While companies are making a record number of public commitments to climate and sustainability goals, consumers are lagging behind in support, according to a new report by Boston Consulting Group (BCG) that shows that 70% of consumers polled indicated they were skeptical of corporate sustainability claims and commitments, and only 20% believed they could personally make an impact.
The report, based on a survey of 19,000 consumers across the U.S., Germany, Japan, Italy, China, France, Brazil, and India, shows that while the overwhelming majority of consumers–up to 80% according to BCG–said they were concerned about sustainability, less than 10% have paid a premium for purchases of sustainable goods and services. The gap appears to be significant, though the consultancy argues that focusing only on those two extremes conveys an incomplete picture of actual consumer behavior.
"It's easy to interpret these signals as a lack of consumer readiness, but companies will never maximize the potential of sustainable products and services if they focus only on consumers who are willing to pay a premium," said Aparna Bharadwaj, a BCG Managing Director and Partner and Global Head of BCG's Center for Customer Insight, who coauthored the report. "There's a significant number of 'in between' consumers who are just on the threshold of embracing sustainable products and services. The key question is, 'How do we encourage these consumers to act?'"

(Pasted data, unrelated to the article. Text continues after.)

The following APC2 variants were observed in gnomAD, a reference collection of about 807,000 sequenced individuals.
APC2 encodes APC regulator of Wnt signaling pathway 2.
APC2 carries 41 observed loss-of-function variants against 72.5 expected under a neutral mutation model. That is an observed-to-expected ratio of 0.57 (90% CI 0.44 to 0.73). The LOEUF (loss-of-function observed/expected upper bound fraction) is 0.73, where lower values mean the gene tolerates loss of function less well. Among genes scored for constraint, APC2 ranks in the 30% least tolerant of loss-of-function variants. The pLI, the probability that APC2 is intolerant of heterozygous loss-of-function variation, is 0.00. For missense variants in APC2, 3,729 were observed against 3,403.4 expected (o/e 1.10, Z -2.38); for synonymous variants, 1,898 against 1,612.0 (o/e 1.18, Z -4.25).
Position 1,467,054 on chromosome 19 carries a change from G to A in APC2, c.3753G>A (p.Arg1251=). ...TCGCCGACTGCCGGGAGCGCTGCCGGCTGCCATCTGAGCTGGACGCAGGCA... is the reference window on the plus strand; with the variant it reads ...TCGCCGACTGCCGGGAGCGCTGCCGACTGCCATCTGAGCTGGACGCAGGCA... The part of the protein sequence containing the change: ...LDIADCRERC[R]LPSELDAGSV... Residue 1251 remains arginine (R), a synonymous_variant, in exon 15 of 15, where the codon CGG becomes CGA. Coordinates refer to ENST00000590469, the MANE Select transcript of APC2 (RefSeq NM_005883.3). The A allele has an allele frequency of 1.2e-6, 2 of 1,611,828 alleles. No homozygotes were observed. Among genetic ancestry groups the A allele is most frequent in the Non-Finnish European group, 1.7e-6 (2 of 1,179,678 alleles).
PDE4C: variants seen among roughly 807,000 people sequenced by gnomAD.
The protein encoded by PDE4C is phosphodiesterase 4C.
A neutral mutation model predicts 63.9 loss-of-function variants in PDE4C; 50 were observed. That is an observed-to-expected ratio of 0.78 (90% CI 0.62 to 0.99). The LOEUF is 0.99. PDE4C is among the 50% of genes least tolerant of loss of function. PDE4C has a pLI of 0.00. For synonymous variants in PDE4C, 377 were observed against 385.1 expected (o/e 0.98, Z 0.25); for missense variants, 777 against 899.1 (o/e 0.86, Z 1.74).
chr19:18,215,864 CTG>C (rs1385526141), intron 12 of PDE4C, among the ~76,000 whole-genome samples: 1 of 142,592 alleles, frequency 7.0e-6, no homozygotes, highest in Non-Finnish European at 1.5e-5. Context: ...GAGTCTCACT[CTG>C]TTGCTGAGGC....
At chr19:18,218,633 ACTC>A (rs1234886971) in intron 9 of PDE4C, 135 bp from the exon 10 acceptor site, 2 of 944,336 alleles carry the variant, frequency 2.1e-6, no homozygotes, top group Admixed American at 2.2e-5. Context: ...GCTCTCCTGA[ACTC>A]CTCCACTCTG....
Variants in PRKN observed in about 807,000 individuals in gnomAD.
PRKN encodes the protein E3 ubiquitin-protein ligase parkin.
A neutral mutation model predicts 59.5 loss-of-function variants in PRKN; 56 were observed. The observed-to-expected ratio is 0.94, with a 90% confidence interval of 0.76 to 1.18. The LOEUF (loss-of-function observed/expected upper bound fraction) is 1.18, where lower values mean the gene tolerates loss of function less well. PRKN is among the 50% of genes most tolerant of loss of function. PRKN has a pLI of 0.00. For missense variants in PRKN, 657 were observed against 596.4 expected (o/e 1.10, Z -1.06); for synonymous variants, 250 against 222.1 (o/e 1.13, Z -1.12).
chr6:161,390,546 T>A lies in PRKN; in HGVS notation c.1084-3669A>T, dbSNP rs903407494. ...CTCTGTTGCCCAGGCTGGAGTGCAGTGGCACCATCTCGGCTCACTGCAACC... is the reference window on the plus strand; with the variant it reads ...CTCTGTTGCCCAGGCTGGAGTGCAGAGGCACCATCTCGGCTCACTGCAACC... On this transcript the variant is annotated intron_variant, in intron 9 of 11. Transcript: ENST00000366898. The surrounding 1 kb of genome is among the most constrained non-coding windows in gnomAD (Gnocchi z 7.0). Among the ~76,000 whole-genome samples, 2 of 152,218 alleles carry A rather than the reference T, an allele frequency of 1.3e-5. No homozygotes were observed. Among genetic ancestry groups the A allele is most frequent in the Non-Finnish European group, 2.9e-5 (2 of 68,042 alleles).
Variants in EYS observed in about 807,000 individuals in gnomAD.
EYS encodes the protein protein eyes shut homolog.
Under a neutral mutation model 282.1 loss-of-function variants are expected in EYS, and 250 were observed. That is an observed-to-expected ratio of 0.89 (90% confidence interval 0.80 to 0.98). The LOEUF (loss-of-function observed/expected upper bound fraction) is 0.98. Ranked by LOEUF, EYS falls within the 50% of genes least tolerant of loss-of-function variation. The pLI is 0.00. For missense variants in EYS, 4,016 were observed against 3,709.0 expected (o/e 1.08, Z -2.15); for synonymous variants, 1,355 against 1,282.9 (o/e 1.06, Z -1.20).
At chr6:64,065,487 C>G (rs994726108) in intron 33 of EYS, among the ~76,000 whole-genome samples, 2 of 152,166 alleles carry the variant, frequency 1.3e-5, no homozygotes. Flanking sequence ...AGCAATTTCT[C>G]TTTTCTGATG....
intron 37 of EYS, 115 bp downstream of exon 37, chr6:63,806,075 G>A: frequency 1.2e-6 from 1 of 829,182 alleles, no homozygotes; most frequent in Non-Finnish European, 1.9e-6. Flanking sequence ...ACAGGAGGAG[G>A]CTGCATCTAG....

BCG’s report has identified three key imperatives to accelerate consumer adoption of sustainable lifestyles. By making claims locally relevant, businesses can make consumer communications relevant and understandable, tailoring messages differently than they would to internal business teams, investors, or regulators. Companies can also broaden the dialogue around sustainability, persuading 20% to 43% of consumers to make sustainable choices by communicating a broader set of product benefits beyond ESG-specific goals. Businesses can also remove real barriers or use effective communication to address perceived barriers that cause consumer hesitation to purchase sustainable products.
By working to overcome consumer perceptions that sustainable products are more expensive and less effective, companies can better target core consumer needs and make ESG a win-win for everyone, reaching the far greater segment of people who believe sustainability matters, but who are not yet putting their money into sustainable products.